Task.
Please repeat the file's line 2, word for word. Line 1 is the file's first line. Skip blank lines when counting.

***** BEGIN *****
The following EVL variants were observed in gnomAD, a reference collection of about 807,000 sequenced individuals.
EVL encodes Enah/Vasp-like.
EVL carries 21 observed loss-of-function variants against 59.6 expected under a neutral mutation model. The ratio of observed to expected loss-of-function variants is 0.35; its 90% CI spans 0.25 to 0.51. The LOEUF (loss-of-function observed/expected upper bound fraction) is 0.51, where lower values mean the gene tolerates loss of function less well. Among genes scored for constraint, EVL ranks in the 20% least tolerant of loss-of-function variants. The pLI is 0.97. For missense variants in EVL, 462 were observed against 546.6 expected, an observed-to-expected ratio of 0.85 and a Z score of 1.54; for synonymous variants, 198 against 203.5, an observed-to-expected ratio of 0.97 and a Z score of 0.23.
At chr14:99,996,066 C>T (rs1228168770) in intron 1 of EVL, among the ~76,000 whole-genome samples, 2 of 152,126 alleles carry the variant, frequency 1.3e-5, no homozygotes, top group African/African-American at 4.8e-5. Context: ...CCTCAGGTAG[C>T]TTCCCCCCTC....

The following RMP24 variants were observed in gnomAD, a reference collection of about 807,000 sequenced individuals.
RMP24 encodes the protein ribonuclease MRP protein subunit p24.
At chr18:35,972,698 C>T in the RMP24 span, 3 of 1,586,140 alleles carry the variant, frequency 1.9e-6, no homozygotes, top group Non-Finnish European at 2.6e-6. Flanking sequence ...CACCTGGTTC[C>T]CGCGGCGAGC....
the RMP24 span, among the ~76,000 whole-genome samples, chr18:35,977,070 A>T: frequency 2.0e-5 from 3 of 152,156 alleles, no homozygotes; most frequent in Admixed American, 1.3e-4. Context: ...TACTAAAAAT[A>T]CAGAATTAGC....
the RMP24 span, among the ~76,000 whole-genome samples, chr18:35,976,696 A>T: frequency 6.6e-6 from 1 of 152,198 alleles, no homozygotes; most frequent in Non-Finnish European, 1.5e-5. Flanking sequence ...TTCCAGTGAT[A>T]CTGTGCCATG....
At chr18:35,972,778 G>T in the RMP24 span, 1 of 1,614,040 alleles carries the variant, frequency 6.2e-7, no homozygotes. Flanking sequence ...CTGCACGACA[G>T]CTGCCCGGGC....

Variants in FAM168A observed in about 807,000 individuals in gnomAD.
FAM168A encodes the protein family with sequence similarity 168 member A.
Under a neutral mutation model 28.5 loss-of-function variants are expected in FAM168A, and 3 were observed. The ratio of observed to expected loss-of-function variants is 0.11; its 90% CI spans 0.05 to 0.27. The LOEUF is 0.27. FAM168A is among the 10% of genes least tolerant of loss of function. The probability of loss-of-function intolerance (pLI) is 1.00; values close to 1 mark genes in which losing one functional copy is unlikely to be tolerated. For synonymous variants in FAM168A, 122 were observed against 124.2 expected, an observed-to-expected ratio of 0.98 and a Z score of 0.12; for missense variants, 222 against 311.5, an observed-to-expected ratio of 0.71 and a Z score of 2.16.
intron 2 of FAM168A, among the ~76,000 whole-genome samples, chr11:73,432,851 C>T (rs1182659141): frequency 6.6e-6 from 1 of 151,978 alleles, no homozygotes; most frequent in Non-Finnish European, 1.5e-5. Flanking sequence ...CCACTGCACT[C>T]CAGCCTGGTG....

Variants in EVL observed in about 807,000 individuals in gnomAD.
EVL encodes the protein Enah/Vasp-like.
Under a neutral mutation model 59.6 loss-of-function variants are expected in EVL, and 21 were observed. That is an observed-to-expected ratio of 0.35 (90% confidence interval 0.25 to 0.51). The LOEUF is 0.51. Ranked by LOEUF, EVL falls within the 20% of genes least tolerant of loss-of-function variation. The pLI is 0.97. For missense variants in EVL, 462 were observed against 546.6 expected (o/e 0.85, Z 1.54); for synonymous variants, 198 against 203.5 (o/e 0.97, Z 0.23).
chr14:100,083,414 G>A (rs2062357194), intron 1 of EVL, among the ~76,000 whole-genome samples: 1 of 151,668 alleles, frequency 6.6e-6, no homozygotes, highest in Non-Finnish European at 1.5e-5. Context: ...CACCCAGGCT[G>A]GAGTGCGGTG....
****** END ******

EVL encodes Enah/Vasp-like.